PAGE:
The court also tried to somehow link junge Welt to violence and terrorism. However, it was unable to prove that the newspaper called for violence or endorsed terrorism. It merely referred to the publication of interviews with various organisations and individuals and the documentation of letters of confession, which thus “offered a platform.”
The Administrative Court did not cite any concrete evidence that the newspaper identifies with the politics of the Islamist Hamas, for example, because one of its representatives gave it an interview.
However, according to Supreme Court case law regarding the intelligence surveillance of press organs, this is mandatory: “Freedom of the press also covers the decision to provide a forum only for a certain political spectrum, but to grant the authors great freedom there and subsequently not to identify with all individual publications.”
“It would therefore require,” wrote the Supreme Court in a 2005 decision on the right-wing Junge Freiheit, “special indications as to why the editorial staff does not identify with these articles but does identify with the articles referred to by the courts.”
The Administrative Court does not cite such “special indications” but resorts to a classic circular argument—what is to be proven is assumed—to make conclusions as to an “overall view” of the articles and to the “political orientation of the editorial staff.”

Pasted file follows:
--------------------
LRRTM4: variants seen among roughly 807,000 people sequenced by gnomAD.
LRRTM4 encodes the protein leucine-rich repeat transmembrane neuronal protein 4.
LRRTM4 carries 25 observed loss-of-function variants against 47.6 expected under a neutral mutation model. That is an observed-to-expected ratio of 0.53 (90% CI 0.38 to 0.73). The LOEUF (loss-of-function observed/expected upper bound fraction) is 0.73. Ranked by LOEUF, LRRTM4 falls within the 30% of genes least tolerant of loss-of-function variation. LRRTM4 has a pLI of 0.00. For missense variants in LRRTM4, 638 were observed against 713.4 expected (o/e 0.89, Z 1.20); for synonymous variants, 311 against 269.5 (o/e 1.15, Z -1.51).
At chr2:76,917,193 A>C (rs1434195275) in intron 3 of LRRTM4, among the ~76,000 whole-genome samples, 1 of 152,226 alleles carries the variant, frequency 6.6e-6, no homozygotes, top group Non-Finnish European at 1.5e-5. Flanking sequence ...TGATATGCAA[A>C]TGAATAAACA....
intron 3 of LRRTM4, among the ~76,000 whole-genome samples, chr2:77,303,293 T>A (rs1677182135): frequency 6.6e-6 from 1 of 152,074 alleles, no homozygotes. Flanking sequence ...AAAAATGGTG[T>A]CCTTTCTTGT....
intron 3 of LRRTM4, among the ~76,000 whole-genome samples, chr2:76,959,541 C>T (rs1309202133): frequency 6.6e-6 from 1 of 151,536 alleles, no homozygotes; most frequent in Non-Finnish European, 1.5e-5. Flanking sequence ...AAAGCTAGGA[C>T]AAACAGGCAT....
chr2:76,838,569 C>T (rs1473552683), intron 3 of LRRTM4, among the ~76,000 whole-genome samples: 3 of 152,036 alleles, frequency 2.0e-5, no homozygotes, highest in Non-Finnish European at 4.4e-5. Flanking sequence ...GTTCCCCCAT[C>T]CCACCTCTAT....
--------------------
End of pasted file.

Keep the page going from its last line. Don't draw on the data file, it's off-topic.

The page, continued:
This is legally untenable. The aim is to slander, criminalise and silence any left-wing criticism of the capitalist system and government policy as anti-democratic, even if—as the federal government and the Administrative Court also admit in the case of junge Welt—it uses exclusively democratic and peaceful means to do so.
In this case, the court has adopted the anti-communist tirades against Marxism, against the overthrow of capitalism, against socialism and against the appeal to class struggle, partly word for word over several pages from the judgement against the SGP. It thus expressly confirms the SGP’s warning at the time:
The judgement targets the SGP because it provides this opposition with a voice and a socialist perspective, but it is also directed against anyone who criticises capitalism and rejects the government’s right-wing policies. Based on this judgement, every author who refers positively to the Marxist classics, every sociologist who examines the effects of social inequality on society, every journalist who sheds light on the right-wing terrorist networks in the armed forces and every striking worker could be declared an enemy of the constitution.
This is exactly what has now taken place with the ruling against junge Welt. The SGP and the World Socialist Web Site call on all readers to defend junge Welt and all other groups that are being spied on and attacked by the Verfassungsschutz for left-wing opposition to capitalism, militarism and imperialism.